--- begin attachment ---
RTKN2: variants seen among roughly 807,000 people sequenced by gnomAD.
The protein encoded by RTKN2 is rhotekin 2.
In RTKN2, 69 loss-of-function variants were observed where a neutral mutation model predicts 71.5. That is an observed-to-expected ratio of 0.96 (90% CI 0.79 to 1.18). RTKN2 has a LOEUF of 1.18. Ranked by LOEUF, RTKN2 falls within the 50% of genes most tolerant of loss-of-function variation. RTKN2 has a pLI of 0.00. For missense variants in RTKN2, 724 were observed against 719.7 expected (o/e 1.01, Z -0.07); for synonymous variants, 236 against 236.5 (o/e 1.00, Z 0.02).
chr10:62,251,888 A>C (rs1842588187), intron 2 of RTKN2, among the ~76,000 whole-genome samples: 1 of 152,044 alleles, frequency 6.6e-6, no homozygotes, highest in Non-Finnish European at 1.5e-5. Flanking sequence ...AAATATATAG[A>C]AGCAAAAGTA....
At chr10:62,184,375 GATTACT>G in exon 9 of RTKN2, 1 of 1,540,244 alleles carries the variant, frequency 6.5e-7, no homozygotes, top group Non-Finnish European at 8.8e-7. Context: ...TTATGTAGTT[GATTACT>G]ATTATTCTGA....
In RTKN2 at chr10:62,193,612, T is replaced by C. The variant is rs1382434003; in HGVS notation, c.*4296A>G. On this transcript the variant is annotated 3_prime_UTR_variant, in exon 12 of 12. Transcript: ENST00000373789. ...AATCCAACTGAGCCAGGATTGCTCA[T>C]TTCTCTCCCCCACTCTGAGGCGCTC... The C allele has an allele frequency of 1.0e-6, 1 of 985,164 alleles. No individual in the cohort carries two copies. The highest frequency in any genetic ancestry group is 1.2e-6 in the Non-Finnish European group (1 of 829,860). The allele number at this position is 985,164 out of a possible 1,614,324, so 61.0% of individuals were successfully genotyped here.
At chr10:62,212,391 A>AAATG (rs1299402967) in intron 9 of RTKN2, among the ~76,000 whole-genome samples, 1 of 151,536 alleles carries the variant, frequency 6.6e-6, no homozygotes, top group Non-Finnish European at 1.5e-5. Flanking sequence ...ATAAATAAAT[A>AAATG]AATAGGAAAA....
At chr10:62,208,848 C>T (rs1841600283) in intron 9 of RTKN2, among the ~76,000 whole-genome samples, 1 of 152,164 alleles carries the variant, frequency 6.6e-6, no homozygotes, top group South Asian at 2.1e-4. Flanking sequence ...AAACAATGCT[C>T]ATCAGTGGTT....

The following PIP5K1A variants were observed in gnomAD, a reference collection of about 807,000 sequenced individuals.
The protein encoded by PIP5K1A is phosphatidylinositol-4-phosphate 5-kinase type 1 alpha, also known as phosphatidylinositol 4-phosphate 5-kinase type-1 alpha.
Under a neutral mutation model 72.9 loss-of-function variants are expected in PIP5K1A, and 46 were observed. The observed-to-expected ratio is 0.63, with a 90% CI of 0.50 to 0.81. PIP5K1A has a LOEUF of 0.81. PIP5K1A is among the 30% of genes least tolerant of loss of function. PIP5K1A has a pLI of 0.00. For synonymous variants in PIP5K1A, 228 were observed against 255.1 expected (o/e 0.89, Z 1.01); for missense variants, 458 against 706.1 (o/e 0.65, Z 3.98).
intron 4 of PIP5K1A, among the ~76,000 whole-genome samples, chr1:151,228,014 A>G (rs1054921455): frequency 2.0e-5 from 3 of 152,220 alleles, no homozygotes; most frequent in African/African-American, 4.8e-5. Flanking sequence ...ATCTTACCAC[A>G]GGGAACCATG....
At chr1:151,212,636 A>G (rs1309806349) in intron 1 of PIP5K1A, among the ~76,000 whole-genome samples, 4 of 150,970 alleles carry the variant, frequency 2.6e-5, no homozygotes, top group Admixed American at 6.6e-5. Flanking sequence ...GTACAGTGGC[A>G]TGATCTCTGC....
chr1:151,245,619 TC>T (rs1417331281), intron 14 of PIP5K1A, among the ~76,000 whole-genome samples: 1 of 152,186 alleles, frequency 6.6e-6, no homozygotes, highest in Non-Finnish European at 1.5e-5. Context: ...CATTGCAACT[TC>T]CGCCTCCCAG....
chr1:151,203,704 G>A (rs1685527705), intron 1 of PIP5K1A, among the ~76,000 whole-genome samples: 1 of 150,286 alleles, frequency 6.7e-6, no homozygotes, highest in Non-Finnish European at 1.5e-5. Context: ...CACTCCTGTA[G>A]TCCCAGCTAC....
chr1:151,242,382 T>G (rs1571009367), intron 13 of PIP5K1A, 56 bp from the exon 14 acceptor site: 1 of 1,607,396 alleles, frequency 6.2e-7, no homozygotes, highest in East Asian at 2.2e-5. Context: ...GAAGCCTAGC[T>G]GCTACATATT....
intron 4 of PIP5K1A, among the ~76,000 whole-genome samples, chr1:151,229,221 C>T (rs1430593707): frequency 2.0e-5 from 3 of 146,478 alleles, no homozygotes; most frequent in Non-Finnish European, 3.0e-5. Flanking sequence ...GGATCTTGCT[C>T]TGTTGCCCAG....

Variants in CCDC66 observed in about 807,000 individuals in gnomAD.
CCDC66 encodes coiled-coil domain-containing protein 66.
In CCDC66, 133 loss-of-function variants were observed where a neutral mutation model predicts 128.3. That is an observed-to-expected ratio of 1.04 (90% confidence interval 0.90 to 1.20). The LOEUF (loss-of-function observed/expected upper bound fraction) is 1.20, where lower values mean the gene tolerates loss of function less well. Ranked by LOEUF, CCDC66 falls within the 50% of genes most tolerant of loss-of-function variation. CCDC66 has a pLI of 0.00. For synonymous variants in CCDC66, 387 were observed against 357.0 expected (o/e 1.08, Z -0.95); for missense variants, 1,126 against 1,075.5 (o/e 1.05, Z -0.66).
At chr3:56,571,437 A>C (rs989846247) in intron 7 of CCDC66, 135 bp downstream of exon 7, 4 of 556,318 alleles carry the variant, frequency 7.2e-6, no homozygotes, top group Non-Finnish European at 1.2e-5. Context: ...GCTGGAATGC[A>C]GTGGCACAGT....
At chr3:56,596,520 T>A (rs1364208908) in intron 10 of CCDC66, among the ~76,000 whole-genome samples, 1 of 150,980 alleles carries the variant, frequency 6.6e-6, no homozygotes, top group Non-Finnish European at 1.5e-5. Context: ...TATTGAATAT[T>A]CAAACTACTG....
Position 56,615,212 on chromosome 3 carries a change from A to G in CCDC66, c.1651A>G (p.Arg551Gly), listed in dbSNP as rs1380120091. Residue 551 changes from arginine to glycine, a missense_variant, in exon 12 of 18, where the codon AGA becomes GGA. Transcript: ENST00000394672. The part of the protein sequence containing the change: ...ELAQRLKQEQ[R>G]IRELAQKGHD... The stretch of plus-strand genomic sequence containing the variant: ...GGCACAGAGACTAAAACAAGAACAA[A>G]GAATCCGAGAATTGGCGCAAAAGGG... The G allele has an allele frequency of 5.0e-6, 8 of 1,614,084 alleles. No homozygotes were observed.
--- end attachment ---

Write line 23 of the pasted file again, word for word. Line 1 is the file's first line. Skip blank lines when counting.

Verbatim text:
Position 56,615,212 on chromosome 3 carries a change from A to G in CCDC66, c.1651A>G (p.Arg551Gly), listed in dbSNP as rs1380120091. Residue 551 changes from arginine to glycine, a missense_variant, in exon 12 of 18, where the codon AGA becomes GGA. Transcript: ENST00000394672. The part of the protein sequence containing the change: ...ELAQRLKQEQ[R>G]IRELAQKGHD... The stretch of plus-strand genomic sequence containing the variant: ...GGCACAGAGACTAAAACAAGAACAA[A>G]GAATCCGAGAATTGGCGCAAAAGGG... The G allele has an allele frequency of 5.0e-6, 8 of 1,614,084 alleles. No homozygotes were observed.